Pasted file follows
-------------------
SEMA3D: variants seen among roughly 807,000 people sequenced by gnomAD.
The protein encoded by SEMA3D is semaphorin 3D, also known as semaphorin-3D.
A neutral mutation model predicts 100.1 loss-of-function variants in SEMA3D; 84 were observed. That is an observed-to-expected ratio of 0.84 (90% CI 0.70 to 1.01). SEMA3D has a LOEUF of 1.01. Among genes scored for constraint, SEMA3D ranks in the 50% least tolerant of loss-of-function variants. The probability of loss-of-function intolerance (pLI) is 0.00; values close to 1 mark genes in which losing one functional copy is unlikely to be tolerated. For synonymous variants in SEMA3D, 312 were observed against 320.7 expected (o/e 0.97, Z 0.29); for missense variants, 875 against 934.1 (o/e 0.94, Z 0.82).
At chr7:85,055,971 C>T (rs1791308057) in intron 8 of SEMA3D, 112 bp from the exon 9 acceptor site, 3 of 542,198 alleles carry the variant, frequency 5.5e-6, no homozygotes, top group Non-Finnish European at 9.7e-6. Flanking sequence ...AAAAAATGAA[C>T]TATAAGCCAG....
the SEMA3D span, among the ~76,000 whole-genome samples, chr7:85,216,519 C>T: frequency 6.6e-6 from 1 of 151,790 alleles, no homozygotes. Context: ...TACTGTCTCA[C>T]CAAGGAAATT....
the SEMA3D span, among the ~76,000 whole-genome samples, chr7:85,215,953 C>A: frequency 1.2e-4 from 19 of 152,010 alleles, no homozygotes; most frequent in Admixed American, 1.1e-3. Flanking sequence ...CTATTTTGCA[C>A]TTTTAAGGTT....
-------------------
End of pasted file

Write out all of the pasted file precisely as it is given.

SEMA3D: variants seen among roughly 807,000 people sequenced by gnomAD.
The protein encoded by SEMA3D is semaphorin 3D, also known as semaphorin-3D.
A neutral mutation model predicts 100.1 loss-of-function variants in SEMA3D; 84 were observed. That is an observed-to-expected ratio of 0.84 (90% CI 0.70 to 1.01). SEMA3D has a LOEUF of 1.01. Among genes scored for constraint, SEMA3D ranks in the 50% least tolerant of loss-of-function variants. The probability of loss-of-function intolerance (pLI) is 0.00; values close to 1 mark genes in which losing one functional copy is unlikely to be tolerated. For synonymous variants in SEMA3D, 312 were observed against 320.7 expected (o/e 0.97, Z 0.29); for missense variants, 875 against 934.1 (o/e 0.94, Z 0.82).
At chr7:85,055,971 C>T (rs1791308057) in intron 8 of SEMA3D, 112 bp from the exon 9 acceptor site, 3 of 542,198 alleles carry the variant, frequency 5.5e-6, no homozygotes, top group Non-Finnish European at 9.7e-6. Flanking sequence ...AAAAAATGAA[C>T]TATAAGCCAG....
the SEMA3D span, among the ~76,000 whole-genome samples, chr7:85,216,519 C>T: frequency 6.6e-6 from 1 of 151,790 alleles, no homozygotes. Context: ...TACTGTCTCA[C>T]CAAGGAAATT....
the SEMA3D span, among the ~76,000 whole-genome samples, chr7:85,215,953 C>A: frequency 1.2e-4 from 19 of 152,010 alleles, no homozygotes; most frequent in Admixed American, 1.1e-3. Flanking sequence ...CTATTTTGCA[C>A]TTTTAAGGTT....